Five Heavy Albums that Changed My Life with Shane Embury of Napalm Death

It’s not too often we give an album a 10 out of 10 rating, but Napalm Death’s new album, Throes of Joy in the Jaws of Defeatism, got the perfect Decibel score recently, and for good reason: the record rules, straight up, the band as hungry, forward-thinking and vital as ever, the record a total monolith of extremity.

To celebrate its release, we caught up with bassist and grindmaster general Shane Embury to find out what five heavy albums changed his life. It’s no surprise the choices range from raw proto-black to experimental noise rock, given that Napalm Death at least flirt with some of the sounds found on all of Embury’s choices.

“To name five albums is very tough,” says Embury. “Here I go…”

Slade – Alive! (1972)
Growing up in the small, Hobbiton-ish village of Broseley, Shropshire in the UK in the early ’70s, I was first introduced to Slade at the age of 5—my mom would buy me the band’s 7” singles from the local bicycle shop, which acted as a local village record store also! [laughs] This was 1972/3—I religiously watched a weekly UK show called Top of the Pops—Slade alongside Marc Bolan, The Osmonds (note: “Crazy Horses”’ bass line is amazing), etc. would be on there regularly. The show’s opening credits tune at the time was “Whole Lotta Love” by Led Zeppelin, so you could say the crunch of the guitar sound (heavy to me back in those days) possessed my village soul! Slade were visually as loud as their music, and I loved it; great choruses and personalities I could relate to; lyrics that were grounded and from the street. These guys were a major influence on KISS, by the way. My destiny was set in motion!

Judas Priest – Killing Machine (1978)
We had postal order record clubs in the U.K. cheesily named “Britannia U.K.” Being in one of them, this amazing album, alongside Thin Lizzy’s Jailbreak and Black Sabbath’s Never Say Die!, further indoctrinated me into their introductory offer of an album a month. Unfortunately, followed a month later by Meat Loaf’s Bat Out of Hell, which pissed me off immensely and was returned back to them very swiftly! Of course, the Priest, Lizzy and Sabbath had many other amazing albums, but these three ignited the passion in me to get them all. This would be around 1978/79. On Killing Machine, I loved the sound of the guitars and Rob Halford’s screams—his worded lyrical symmetry as well is an inspiration when I write lyrics. A lot of the time they have to rhyme—what’s the point in in just using clever words if generally you need a dictionary to try and work out the theme of the song? I saw these guys at Birmingham Odeon a couple of times, the last time on the Screaming for Vengeance tour. Me and my friend Mitch Dickinson (Unseen Terror) stood behind the guys from Witchfinder General. Amazing memories!

Venom – Welcome to Hell (1981)
This was the album that did it for me—sure, noisy production (which I loved), but, man, in 1982 (I think that was the year), with my headphones on in the afternoon after I had returned from the record store (as my dad was asleep from working night shift) when “Sons of Satan” comes in, I was like, “Fuck me.” Life at school changed—all I wanted to be was be in a heavy metal band. Songs about Satan… Pyrotechnics… Inverted crosses! Distorted bass sounds—I am in, 1000%. This was a great stepping stone toward bands like Discharge, GBH, Dead Kennedys, the Exploited, as the aggression and power to me were the same. The world of punk rock came bashing in, so Venom will always be one of those bands that opened many doors. And I don’t give a fuck who thinks what, I will fly their flag forever. Their influence led toward my eventual tape-trading interest, where I wrote to (and got to meet) Bill Steer and Ken Owen (Carcass) about my first band Warhammer (heavily influenced by Venom/Bathory/Possessed). Those guys came to our first ever gig of two! [laughs]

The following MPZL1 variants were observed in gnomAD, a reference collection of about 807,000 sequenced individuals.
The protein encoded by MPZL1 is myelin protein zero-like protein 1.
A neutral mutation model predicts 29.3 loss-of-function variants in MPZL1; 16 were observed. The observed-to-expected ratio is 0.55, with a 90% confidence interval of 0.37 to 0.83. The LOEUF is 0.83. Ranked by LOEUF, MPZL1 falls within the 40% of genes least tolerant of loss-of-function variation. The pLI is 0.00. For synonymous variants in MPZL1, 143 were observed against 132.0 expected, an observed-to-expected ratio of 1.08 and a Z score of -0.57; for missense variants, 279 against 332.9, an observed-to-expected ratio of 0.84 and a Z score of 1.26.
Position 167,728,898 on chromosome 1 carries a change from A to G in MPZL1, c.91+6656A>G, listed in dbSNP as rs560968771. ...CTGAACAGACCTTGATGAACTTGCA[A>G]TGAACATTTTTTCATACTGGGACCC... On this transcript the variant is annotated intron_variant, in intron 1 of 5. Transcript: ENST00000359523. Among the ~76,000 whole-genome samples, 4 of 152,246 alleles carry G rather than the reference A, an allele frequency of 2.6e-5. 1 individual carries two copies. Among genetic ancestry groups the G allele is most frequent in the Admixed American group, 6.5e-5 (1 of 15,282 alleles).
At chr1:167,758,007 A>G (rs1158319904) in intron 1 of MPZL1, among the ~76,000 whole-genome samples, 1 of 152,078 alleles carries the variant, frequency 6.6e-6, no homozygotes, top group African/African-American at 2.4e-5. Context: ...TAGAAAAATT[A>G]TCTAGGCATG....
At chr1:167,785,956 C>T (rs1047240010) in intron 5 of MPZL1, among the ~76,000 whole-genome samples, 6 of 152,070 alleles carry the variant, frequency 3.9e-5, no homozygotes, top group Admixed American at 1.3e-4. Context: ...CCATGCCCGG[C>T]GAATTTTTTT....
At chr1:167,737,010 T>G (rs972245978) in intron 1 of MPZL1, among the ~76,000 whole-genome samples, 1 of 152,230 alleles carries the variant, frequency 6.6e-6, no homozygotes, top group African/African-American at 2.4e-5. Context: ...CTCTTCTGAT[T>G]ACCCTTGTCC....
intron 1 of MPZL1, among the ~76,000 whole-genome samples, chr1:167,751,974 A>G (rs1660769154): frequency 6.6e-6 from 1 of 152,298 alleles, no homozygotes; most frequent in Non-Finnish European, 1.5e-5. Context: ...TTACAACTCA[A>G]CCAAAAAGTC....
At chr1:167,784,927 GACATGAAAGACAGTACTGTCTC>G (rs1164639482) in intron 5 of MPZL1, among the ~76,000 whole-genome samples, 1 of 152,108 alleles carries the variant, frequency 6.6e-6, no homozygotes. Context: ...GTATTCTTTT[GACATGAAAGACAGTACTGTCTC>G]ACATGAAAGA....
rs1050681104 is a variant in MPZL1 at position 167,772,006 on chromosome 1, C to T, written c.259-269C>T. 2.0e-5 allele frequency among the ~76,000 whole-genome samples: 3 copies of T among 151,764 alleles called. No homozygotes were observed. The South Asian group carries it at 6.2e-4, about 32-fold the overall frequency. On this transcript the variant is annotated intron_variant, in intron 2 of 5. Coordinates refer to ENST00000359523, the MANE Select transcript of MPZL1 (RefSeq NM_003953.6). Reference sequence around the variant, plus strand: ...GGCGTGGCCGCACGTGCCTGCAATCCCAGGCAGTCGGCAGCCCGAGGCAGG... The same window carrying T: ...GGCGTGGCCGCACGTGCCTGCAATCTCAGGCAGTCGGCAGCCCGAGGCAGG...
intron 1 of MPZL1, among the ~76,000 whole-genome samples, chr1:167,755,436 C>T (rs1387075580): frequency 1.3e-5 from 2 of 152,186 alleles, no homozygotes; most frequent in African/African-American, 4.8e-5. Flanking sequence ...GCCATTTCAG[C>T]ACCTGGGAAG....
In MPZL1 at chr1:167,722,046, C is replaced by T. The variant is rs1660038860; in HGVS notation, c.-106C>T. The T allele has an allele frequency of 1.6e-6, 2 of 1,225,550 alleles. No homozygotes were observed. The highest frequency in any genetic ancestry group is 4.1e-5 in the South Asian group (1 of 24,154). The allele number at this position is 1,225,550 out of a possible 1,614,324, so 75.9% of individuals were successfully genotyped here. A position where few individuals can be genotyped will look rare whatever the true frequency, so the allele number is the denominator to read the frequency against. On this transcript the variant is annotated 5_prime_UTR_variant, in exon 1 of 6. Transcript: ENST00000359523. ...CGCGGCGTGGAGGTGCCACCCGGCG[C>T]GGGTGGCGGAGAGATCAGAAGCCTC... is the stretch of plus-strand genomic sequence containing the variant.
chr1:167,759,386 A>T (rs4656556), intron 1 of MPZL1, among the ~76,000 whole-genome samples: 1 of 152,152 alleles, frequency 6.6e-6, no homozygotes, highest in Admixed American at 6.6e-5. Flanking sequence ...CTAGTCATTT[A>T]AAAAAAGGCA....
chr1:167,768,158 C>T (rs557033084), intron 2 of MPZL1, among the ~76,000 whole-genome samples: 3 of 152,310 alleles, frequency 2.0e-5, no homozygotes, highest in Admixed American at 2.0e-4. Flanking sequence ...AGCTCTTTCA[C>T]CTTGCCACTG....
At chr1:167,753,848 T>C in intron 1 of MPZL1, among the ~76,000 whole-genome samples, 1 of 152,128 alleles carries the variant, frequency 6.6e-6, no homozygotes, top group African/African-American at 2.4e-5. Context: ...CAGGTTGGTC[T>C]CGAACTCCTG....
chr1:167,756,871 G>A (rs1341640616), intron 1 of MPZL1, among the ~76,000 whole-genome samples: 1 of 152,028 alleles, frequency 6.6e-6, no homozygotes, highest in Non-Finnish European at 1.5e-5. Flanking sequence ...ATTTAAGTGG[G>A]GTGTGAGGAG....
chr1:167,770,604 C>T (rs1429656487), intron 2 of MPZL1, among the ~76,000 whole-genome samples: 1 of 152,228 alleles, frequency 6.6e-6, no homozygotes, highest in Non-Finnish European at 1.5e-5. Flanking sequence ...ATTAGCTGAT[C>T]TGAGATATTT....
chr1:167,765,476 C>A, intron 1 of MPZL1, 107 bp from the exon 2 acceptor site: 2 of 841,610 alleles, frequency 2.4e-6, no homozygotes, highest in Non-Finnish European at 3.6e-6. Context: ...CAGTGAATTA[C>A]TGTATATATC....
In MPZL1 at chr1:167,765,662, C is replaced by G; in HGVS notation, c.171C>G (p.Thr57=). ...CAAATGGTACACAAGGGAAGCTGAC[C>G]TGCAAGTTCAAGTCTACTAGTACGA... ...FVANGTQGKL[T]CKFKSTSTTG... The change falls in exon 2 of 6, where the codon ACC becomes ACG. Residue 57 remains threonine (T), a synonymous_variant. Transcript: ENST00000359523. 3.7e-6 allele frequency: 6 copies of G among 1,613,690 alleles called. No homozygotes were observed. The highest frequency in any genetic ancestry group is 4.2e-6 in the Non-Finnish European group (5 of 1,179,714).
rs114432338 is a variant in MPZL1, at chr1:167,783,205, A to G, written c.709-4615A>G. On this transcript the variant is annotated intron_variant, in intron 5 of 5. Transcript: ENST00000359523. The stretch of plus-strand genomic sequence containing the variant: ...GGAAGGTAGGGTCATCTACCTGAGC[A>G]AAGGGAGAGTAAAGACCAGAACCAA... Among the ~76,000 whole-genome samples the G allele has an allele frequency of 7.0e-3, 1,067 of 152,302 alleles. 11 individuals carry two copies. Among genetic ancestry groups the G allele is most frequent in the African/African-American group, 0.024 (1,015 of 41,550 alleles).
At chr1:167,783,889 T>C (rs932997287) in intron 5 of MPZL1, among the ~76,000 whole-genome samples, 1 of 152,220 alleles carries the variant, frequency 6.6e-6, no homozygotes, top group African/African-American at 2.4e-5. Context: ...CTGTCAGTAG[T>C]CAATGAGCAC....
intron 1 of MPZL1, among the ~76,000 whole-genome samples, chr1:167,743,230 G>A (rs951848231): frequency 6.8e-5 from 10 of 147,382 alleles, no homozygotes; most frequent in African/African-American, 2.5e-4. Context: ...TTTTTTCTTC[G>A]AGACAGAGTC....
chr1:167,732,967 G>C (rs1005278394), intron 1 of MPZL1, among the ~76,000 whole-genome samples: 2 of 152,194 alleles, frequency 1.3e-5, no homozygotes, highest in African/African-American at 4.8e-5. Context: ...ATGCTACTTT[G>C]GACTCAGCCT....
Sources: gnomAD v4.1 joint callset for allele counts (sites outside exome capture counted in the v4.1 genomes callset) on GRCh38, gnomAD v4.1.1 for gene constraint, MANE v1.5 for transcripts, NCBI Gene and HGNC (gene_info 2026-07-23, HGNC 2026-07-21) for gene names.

Sonic Youth – Daydream Nation (1988)
I was introduced to these guys through a friend of mine, Martin Nesbitt, who worked at Earache for a while and also managed Carcass for a spell. I have always been on the lookout for new music [like] Killing Joke, My Bloody Valentine. The From Enslavement lineup of Mick, Lee and Bill, we always listened to John Peel, who would play these guys a lot! The guitar chords, noise/sonics and placement of notes, odd drum rhythms on this album and also on all of their albums, are a massive influence on me and can be heard in subtleties throughout the past 25-plus-years of tracks I have written for Napalm and my Blood from the Soul albums. I am listening to this album now and it’s sending me into a mind-bending trance as always…

Cardiacs – On Land and in the Sea (1989)
It’s no secret to anyone that these guys are one of my favourite bands. Unfortunately, the main guy and conceptualist Tim Smith recently passed away after a long battle [with brain damage and dystonia]. I was fortunate to not just be a fan but a friend of his. Tim and his band’s influence be with me forever. I will miss him dearly and the world is an even sadder place without him in it. This is the band’s second album. I was introduced to them on [their] Big Ship mini album—their mixture of prog, fast-paced punk and ska and their theatrics totally blew my mind! Tim’s lyrics are, I believe, deep-rooted but abstract in lots of ways, and I love that also—there should and could be many meanings and interpretations to his words; true engagement with their fan base. [Cardiacs’] crazy time structures and notations have seeped into the faster riffs that I write for Napalm Death, for sure—subconsciously, it’s inevitable. Oddly enough, when I first saw Napalm Death as a three-piece at the Mermaid pub in Sparkhill, Birmingham, back in 1986, Cardiacs played a few weeks later… Destiny again at play here, I believe…